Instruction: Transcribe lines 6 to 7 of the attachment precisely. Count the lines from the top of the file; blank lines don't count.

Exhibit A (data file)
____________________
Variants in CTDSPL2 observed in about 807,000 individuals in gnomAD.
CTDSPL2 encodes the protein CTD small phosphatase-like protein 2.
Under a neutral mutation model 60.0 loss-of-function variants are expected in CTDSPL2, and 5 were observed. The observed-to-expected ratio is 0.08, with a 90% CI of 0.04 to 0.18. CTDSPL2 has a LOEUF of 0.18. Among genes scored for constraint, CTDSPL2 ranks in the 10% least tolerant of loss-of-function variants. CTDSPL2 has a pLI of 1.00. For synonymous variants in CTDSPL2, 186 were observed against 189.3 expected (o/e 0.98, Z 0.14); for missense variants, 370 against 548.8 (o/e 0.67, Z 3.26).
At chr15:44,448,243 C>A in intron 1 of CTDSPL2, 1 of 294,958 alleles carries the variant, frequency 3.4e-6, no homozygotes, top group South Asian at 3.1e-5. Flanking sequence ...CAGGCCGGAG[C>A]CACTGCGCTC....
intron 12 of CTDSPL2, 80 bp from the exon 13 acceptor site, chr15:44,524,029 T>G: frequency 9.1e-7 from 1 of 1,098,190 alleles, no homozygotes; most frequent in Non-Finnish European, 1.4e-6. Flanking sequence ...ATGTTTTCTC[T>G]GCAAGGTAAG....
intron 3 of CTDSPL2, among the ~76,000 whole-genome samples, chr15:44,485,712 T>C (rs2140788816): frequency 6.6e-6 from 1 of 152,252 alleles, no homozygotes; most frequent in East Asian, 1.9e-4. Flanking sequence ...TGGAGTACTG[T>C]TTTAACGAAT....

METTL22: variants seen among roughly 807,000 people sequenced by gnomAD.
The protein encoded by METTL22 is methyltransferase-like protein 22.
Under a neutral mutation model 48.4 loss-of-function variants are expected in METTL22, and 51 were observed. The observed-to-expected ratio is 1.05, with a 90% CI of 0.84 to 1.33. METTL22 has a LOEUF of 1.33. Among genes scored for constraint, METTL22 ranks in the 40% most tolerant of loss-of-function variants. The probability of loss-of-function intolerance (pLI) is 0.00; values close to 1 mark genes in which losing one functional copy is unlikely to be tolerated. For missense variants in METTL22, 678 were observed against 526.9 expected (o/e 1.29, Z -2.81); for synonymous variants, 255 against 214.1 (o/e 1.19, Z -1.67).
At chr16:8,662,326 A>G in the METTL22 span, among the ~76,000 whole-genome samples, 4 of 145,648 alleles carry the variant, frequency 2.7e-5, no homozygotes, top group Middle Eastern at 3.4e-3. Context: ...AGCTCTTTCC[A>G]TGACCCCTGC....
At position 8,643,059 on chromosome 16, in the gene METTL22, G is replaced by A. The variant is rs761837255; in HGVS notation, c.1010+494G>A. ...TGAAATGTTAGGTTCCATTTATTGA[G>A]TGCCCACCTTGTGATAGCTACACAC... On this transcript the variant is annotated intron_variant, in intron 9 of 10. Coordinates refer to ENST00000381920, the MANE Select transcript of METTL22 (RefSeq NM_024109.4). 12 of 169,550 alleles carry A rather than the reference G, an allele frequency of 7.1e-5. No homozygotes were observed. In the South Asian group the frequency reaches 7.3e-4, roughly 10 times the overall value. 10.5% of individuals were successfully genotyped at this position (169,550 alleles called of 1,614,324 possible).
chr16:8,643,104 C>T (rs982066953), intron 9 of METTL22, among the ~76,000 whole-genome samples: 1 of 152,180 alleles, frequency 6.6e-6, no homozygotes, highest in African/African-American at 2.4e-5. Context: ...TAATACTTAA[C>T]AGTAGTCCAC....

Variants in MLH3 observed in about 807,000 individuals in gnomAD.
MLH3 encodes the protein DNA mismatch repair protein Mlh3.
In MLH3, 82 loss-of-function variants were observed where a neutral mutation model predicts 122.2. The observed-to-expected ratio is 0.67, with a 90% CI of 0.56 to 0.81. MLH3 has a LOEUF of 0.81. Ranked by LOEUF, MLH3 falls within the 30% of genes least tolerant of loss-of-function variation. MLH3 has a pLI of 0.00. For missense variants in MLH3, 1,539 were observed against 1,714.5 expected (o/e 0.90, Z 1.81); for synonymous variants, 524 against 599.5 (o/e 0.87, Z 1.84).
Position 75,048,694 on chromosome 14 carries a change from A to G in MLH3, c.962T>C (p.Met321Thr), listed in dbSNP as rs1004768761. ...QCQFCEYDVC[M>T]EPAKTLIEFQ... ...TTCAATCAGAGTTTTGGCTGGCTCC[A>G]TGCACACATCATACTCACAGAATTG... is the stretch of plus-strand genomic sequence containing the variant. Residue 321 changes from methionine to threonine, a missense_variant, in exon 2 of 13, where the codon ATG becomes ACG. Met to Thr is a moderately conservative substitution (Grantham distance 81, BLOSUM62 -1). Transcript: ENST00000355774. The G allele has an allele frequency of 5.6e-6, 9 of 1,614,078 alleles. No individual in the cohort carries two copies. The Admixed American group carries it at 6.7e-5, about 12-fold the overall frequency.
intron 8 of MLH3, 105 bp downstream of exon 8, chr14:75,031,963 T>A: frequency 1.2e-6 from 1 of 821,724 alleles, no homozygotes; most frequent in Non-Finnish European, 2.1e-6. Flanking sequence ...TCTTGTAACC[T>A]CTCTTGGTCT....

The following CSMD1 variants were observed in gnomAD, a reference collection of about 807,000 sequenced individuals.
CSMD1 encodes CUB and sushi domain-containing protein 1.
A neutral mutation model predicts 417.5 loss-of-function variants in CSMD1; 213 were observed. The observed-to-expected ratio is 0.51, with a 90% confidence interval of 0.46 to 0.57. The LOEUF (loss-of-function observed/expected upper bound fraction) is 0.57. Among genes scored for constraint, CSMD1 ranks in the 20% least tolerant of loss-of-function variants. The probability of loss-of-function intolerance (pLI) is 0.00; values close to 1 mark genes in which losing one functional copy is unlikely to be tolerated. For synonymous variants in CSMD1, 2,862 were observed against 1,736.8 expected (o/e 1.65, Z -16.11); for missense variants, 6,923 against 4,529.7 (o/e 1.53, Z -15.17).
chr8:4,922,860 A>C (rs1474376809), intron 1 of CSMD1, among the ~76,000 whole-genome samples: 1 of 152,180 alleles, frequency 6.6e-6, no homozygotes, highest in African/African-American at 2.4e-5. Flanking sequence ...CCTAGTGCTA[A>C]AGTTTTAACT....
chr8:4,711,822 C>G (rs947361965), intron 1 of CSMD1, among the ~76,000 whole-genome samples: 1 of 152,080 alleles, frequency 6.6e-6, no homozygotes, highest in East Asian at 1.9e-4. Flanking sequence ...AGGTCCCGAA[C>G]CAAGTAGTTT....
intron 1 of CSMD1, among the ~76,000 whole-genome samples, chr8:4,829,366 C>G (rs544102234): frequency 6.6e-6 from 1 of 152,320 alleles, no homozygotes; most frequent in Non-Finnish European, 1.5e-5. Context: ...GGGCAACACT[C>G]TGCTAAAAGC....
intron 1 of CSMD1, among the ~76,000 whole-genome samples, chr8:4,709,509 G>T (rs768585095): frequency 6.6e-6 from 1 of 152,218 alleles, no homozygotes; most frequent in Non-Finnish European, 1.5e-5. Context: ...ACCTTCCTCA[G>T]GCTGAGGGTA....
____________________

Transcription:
intron 3 of CTDSPL2, among the ~76,000 whole-genome samples, chr15:44,485,712 T>C (rs2140788816): frequency 6.6e-6 from 1 of 152,252 alleles, no homozygotes; most frequent in East Asian, 1.9e-4. Flanking sequence ...TGGAGTACTG[T>C]TTTAACGAAT....

METTL22: variants seen among roughly 807,000 people sequenced by gnomAD.